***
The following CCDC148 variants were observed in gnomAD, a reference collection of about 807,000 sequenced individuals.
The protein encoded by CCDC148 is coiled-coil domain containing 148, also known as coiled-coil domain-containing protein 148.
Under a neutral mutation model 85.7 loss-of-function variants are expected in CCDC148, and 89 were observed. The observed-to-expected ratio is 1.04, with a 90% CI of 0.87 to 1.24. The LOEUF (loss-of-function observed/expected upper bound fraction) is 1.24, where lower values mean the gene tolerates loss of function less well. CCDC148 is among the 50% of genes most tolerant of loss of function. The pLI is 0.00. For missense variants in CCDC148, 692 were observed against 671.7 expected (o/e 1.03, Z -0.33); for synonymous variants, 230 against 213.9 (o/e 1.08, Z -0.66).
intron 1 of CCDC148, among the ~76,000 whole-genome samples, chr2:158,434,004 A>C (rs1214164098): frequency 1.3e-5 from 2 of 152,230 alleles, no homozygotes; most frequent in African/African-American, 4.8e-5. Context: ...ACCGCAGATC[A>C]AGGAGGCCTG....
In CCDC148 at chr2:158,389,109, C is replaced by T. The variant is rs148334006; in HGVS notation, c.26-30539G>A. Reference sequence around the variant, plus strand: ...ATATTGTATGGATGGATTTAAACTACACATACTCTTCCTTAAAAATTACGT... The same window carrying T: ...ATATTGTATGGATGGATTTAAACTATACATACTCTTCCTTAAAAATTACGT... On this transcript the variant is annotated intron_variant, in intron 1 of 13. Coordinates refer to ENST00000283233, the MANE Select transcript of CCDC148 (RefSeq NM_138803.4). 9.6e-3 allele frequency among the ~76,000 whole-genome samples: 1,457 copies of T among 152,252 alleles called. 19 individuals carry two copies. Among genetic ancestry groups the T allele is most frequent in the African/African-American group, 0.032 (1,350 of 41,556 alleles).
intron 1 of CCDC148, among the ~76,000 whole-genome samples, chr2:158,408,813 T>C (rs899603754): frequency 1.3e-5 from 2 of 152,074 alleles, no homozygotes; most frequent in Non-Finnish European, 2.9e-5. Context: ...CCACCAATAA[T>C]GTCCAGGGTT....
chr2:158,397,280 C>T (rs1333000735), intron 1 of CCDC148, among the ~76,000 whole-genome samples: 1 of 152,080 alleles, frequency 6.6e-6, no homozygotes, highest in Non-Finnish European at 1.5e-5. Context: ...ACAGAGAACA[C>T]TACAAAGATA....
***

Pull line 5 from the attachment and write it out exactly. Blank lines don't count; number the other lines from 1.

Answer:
In CCDC148 at chr2:158,389,109, C is replaced by T. The variant is rs148334006; in HGVS notation, c.26-30539G>A. Reference sequence around the variant, plus strand: ...ATATTGTATGGATGGATTTAAACTACACATACTCTTCCTTAAAAATTACGT... The same window carrying T: ...ATATTGTATGGATGGATTTAAACTATACATACTCTTCCTTAAAAATTACGT... On this transcript the variant is annotated intron_variant, in intron 1 of 13. Coordinates refer to ENST00000283233, the MANE Select transcript of CCDC148 (RefSeq NM_138803.4). 9.6e-3 allele frequency among the ~76,000 whole-genome samples: 1,457 copies of T among 152,252 alleles called. 19 individuals carry two copies. Among genetic ancestry groups the T allele is most frequent in the African/African-American group, 0.032 (1,350 of 41,556 alleles).